Wednesday, January 06, 2010

How about using your senses?

Rod Dreher has a post at his new blog on the novel ""36 Arguments for the Existence of God", which is more complicated and interesting than the title might suggest. Rod expands upon the book, the author, and his own views. Of interest is this that he wrote:
The title made me reflect on how I've never been able to take arguments for God's existence seriously. As an undergraduate philosophy minor, I ought to have mastered at least the basic arguments enough to know why I didn't believe in them. What happened to me was that I read Kierkegaard, who convinced me that trying to demonstrate God's existence logically was pointless. Even if you could construct an airtight logical proof of His existence, if someone was determined not to believe, he could always find a way out of it.
Okay then.

But why are so many people interested in "logically" demonstrating God's existence? Perhaps it allows for the following argument:
  • It'd be nice to logically demonstrate God's existence.
  • But it can't be done (either due to our mental limitations or logic's dependence on language, which is inadequate to the task).
  • So leave me alone with my belief.
Kant noodled in these waters:
Kant argues that the concept of God is in any case not the concept of one particular object of sense among others but rather an "object of pure thought", of something that by definition exists outside the field of experience and of nature. With regard to unicorns, we can specify how we could determine that unicorns exist, i.e., what spatio-temporal experience of them would look like. With regard to the concept of God, there is no way for us to know it as existing in the only legitimate and meaningful way we know other objects as existing. We cannot even determine "the possibility of any existence beyond that known in and through experience"
Wait a minute. For unicorns, we know what spatio-temporal experience of them would look like.

Similarly, for God, we know what a spatio-temporal experience would look like. It's even present in the Hebrew Bible, where Elijah sets up an empirical test on Mt. Carmel (1 Kings 18).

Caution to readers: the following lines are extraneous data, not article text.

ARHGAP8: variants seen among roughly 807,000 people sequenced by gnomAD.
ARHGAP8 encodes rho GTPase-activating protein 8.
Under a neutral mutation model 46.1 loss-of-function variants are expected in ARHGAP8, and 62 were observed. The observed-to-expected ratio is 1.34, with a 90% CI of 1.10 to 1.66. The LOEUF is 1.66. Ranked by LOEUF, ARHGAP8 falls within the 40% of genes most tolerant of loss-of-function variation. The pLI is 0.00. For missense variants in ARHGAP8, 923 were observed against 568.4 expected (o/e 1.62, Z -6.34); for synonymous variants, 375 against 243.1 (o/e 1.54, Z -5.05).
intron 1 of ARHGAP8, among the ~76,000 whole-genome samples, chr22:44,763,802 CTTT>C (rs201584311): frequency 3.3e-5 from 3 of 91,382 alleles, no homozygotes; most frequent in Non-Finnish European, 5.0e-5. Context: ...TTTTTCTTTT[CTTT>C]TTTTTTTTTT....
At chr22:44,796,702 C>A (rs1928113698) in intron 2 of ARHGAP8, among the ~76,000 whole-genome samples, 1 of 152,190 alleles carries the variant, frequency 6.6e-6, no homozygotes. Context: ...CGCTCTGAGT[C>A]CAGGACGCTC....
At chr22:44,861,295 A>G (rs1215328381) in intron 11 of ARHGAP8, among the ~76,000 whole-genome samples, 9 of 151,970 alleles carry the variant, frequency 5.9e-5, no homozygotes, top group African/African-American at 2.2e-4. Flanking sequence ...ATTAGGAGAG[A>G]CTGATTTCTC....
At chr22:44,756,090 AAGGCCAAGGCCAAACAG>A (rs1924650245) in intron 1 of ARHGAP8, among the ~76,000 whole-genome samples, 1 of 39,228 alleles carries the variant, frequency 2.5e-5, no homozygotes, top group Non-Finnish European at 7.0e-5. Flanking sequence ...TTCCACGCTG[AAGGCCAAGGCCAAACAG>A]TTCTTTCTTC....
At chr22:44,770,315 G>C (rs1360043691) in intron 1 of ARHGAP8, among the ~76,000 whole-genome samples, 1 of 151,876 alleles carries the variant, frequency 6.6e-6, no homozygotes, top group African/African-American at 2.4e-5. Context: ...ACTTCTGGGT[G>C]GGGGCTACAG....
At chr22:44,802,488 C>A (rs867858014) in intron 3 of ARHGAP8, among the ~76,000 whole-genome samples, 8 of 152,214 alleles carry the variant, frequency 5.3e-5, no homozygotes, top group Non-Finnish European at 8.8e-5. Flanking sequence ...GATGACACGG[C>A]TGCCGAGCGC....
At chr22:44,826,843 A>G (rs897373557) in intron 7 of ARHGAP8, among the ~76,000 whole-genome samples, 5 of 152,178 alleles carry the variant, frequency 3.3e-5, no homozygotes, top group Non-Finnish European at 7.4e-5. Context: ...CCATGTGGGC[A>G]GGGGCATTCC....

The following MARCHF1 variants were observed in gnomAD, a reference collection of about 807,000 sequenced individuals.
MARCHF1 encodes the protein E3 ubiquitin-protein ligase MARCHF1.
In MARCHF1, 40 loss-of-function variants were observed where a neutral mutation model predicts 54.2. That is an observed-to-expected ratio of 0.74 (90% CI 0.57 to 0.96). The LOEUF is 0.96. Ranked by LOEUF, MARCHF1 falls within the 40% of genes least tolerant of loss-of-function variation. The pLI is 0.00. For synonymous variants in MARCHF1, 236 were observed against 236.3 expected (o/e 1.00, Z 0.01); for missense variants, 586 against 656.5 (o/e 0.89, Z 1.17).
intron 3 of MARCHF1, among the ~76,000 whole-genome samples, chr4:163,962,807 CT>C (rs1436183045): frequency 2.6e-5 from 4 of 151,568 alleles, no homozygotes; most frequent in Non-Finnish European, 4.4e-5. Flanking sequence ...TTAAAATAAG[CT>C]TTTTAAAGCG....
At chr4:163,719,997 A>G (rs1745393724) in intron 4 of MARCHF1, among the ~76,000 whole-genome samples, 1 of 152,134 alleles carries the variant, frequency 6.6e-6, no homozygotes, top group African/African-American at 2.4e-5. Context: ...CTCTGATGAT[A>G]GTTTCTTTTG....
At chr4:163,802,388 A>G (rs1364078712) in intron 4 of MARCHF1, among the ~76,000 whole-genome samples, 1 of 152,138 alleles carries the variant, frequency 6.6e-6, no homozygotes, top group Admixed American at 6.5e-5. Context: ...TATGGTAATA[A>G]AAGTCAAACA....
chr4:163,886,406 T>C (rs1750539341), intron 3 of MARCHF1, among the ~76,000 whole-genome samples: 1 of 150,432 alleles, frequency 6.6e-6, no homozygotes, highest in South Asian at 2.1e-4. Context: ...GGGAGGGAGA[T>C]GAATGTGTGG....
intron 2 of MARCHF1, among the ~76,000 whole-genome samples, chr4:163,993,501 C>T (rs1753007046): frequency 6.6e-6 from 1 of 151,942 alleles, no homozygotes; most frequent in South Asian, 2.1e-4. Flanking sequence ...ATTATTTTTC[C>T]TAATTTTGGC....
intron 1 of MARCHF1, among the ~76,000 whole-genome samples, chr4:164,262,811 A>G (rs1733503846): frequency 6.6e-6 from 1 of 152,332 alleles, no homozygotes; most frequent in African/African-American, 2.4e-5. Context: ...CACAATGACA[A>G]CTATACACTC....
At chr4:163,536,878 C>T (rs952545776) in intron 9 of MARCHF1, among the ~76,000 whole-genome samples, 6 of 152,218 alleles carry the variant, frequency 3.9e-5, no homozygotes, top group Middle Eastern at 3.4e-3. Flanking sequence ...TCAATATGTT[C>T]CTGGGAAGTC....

Why not walk away from the sterile notions of logical proof and say that proof of God's existence could be established by, say, having someone pray over a glass of water and if it freezes, then you've got a data point in your favor? The failure of those who believe to accept the protocols of science to establish a significant fact about the universe is puzzling.


Any sufficiently advanced science would look like magic to us. If someone's prayers could freeze water, then we should obviously look for the underlying mechanism, that's all.

Unless you define the thing, it's rather pointless to talk about it. Except, of course, as a manifestation of the human psychology from which it springs.

By Anonymous eb, at 1/06/2010 9:08 AM  

This is another way of looking at the problem of Supernaturalism:

I do not believe at all in the supernatural. This universe did not come into being, it does not continue to be, except by the operation of natural and immutable laws. And I mean immutable, gentlemen. Everything that has ever happened, that is happening now, or that ever is to happen was, is, and will statistically connected with its predecessor event and with its successor event. If I did not believe that implicitly, I would lose all faith in the scientific method. For if one single 'supernatural' event or thing had ever occured or existed it would have constituted an entirely unpredictable even and would have initiated a series--a succession--of such events; a state of things no scientist will or can believe possible in an orderly universe

First Lensman, By E.E. Smith

By Anonymous The Dark Avenger, at 1/06/2010 9:38 AM  

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